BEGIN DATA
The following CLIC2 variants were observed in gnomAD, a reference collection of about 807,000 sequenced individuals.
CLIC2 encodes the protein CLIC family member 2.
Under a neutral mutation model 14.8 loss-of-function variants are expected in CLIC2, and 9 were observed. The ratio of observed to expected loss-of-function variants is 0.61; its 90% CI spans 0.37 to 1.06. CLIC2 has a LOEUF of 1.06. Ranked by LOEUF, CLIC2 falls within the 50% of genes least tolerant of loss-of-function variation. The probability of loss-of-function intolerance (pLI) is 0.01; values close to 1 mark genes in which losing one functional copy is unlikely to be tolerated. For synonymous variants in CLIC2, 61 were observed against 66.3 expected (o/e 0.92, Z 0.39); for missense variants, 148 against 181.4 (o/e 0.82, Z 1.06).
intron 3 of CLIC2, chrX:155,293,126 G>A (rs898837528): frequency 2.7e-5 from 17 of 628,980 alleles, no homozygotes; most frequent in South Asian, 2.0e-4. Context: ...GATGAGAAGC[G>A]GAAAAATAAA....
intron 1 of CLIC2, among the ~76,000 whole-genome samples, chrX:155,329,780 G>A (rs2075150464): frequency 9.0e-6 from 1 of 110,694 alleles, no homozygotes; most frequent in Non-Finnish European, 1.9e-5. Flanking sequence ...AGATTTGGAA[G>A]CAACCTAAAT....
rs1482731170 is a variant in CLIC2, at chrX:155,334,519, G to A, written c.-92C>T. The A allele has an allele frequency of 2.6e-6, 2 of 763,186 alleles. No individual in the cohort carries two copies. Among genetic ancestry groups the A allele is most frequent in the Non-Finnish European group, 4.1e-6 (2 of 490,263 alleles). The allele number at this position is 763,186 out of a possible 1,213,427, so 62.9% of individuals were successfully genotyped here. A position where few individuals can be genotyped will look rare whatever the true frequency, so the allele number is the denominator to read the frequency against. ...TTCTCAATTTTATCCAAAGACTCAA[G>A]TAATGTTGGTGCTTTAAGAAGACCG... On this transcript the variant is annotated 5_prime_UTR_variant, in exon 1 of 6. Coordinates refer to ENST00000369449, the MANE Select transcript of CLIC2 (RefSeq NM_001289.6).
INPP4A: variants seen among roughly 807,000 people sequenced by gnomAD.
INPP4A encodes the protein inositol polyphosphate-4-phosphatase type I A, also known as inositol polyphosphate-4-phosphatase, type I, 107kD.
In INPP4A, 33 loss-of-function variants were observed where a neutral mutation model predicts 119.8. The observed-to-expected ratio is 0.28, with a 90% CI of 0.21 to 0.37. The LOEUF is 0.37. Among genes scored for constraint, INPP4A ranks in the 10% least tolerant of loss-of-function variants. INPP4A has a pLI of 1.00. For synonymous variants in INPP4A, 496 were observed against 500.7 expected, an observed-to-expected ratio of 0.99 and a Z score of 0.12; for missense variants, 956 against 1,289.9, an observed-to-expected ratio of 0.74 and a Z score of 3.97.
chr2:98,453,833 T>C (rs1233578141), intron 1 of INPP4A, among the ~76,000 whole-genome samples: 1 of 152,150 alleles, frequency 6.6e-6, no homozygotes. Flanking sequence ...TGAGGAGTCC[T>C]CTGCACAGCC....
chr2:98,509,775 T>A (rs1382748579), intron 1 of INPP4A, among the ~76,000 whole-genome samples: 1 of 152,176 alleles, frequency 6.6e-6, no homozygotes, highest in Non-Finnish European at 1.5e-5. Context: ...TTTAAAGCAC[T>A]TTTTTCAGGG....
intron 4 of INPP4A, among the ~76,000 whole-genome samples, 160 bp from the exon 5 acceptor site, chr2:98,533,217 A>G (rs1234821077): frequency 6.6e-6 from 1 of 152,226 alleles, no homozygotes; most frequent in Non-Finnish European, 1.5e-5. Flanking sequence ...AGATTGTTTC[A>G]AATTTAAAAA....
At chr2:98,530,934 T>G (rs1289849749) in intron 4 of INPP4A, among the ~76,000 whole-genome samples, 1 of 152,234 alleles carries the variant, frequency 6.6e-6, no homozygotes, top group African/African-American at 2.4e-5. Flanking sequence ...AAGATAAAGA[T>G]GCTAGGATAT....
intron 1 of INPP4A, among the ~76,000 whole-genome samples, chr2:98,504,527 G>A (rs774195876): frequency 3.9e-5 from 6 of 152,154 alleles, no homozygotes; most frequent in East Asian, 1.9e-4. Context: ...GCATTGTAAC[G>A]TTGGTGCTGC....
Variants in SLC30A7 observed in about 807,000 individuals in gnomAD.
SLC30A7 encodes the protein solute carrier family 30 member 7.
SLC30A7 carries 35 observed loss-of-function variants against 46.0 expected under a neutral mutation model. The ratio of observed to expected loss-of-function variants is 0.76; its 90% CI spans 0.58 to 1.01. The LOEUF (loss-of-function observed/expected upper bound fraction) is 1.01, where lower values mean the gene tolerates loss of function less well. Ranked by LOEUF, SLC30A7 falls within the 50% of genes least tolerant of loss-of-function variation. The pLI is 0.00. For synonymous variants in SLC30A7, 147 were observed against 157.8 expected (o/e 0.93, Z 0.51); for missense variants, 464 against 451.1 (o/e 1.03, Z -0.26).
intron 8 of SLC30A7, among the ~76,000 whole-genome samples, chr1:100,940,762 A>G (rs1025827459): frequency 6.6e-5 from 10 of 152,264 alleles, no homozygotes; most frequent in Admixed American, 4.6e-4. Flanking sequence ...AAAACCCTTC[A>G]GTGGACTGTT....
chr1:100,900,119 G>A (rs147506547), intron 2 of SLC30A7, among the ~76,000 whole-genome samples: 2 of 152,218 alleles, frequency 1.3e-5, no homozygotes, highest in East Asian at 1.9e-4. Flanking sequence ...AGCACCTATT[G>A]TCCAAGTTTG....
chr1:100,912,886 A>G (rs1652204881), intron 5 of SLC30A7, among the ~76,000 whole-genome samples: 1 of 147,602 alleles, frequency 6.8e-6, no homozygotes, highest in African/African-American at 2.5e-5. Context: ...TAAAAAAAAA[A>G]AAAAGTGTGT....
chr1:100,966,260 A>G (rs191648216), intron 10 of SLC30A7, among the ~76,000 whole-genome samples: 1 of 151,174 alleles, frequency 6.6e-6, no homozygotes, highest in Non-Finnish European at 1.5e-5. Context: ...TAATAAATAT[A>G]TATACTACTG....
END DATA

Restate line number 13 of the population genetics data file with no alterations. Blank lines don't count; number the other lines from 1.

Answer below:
At chr2:98,530,934 T>G (rs1289849749) in intron 4 of INPP4A, among the ~76,000 whole-genome samples, 1 of 152,234 alleles carries the variant, frequency 6.6e-6, no homozygotes, top group African/African-American at 2.4e-5. Flanking sequence ...AAGATAAAGA[T>G]GCTAGGATAT....